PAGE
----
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Report No. 30

78. Gandhi sons case.- In Gandhi Sons v. State of Madras (AIR 1955 Mad 722), the facts were that some Bombay merchants had entered into certain contracts of purchase with the merchants in Madras who were dealers in pepper. The Bombay merchants made the purchases either on their own behalf or on behalf of undisclosed foreign principals. Between the undisclosed principals and the Madras merchants there was no privity. The Bombay merchants then exported the goods. The Madras sellers contended, that their sales to Bombay merchants were in the course of export. In dealing with this question, the High Court observed (p. 724, para. 15):-

"What was characterised by the Supreme Court (I Travancore case) as an "export sale" was one in which the assessees (here, the Madras sellers) figured as exporters, privity having been established between them and the foreign buyer, either through direct negotiation or dealing or through the local representatives of the latter Undoubtedly an export took place here. But in that transaction the assessees (the Madras sellers) were not the sellers who exported or whose sales occasioned the export.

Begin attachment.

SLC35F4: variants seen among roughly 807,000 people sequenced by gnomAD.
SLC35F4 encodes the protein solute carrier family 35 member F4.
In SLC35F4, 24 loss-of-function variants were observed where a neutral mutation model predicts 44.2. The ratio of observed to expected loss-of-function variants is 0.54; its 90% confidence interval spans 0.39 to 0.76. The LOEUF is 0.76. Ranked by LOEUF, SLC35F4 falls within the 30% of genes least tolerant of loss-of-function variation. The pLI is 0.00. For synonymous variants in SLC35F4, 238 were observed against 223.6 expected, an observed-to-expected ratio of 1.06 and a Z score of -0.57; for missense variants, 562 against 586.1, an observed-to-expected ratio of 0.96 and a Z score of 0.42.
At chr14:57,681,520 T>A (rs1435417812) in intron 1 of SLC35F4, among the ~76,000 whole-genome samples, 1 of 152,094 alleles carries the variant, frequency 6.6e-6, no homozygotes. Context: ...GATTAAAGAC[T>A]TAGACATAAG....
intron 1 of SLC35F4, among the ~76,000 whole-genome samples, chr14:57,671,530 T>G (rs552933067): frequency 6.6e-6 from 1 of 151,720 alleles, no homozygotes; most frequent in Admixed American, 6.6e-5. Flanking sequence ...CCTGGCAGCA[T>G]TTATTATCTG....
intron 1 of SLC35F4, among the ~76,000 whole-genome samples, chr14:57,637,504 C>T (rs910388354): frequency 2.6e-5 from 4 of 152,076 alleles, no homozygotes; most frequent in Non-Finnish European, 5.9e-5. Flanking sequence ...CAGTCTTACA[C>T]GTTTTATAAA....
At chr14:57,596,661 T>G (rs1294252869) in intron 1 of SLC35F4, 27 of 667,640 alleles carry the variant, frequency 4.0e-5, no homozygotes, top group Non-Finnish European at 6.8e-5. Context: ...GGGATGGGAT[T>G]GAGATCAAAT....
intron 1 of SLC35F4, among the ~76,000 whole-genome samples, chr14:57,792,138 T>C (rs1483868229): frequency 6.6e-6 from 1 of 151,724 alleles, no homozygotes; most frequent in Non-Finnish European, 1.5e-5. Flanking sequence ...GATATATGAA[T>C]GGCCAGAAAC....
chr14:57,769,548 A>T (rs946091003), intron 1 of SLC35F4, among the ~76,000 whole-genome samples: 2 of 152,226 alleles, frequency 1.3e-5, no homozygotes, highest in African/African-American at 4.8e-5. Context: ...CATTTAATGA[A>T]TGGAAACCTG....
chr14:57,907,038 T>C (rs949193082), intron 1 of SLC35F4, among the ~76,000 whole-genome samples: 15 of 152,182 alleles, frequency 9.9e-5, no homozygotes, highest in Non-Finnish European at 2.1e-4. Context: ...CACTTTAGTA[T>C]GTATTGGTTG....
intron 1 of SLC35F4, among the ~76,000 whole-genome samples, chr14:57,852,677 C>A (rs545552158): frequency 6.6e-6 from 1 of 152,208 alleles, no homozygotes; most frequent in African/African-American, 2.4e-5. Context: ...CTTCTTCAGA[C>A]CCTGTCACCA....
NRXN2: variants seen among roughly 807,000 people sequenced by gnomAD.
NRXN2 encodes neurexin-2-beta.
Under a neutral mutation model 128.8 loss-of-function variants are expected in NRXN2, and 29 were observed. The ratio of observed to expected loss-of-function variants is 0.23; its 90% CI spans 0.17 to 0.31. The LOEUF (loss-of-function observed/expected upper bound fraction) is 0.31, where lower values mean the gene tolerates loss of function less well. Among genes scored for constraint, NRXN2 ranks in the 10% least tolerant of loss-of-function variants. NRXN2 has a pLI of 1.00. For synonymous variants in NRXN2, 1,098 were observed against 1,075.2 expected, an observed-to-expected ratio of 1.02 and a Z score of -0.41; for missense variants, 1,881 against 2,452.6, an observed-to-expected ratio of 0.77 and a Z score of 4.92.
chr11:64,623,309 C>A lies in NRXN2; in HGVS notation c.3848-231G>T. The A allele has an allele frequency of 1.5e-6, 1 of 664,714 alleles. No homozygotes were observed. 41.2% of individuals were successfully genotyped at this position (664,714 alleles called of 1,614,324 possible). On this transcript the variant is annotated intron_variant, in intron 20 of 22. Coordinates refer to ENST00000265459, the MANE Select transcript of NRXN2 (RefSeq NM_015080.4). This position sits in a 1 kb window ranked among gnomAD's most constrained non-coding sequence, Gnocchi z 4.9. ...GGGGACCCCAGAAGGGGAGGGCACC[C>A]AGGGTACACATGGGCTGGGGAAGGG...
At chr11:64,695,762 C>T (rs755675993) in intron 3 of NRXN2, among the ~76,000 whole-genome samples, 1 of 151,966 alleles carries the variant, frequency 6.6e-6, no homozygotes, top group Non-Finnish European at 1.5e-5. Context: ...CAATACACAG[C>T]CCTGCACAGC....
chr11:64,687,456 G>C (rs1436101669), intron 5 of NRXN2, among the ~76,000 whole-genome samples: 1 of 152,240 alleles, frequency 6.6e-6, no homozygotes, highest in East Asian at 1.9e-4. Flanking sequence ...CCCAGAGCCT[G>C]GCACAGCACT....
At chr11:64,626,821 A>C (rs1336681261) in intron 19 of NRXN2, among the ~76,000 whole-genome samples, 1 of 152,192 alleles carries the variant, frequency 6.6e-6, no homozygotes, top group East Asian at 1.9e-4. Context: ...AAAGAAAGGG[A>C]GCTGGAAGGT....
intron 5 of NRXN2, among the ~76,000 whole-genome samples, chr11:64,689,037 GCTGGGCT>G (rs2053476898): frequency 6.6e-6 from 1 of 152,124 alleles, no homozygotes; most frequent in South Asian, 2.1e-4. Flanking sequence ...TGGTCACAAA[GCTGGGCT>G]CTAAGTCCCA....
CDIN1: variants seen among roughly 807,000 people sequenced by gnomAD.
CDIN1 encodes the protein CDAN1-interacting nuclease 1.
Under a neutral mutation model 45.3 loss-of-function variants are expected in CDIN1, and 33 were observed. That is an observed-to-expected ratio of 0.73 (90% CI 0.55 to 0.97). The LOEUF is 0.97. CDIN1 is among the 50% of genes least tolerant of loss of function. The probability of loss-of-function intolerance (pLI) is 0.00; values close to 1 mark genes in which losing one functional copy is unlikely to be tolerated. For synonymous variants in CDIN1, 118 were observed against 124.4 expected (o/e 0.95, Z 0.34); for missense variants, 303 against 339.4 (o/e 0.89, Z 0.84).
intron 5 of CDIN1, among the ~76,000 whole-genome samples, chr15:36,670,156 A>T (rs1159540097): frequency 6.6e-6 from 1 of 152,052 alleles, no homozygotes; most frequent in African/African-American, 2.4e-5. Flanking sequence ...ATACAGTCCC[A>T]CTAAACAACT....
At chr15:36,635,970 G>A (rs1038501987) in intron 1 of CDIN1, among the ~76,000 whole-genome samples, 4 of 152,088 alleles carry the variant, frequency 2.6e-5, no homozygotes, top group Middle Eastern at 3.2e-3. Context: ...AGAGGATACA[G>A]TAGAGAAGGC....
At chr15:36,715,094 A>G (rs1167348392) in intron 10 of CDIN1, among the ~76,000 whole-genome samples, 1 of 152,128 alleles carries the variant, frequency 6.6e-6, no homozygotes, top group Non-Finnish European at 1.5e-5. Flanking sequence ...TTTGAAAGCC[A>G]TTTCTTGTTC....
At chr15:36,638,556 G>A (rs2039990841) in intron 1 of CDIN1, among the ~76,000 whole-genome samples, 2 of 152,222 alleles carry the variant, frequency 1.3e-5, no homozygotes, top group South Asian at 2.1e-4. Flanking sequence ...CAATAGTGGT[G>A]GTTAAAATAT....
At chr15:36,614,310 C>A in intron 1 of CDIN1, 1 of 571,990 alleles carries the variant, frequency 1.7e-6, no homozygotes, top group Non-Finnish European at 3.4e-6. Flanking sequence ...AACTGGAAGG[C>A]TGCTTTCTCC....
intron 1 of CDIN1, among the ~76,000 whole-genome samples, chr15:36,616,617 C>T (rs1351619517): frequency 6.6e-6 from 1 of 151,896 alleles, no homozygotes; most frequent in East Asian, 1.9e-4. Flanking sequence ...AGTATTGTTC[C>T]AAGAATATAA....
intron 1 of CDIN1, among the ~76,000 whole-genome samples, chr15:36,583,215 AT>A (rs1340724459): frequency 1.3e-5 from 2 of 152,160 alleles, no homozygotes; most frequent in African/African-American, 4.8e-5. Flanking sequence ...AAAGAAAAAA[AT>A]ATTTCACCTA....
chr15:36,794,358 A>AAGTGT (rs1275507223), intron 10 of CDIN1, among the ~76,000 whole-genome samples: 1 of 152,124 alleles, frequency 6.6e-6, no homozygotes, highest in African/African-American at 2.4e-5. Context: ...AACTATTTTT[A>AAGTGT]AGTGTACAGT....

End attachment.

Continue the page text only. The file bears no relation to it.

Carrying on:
A sale will occasion an export or there will be an export sale as understood by the Supreme Court only where the sale is to a foreign buyer with whom the local seller has privity and when as a direct result of such sale the goods are transported across the frontier."

Section 5 of the Central Sales Tax Act, 1956 - Taxation by the States of Sales in the Course of Import Back

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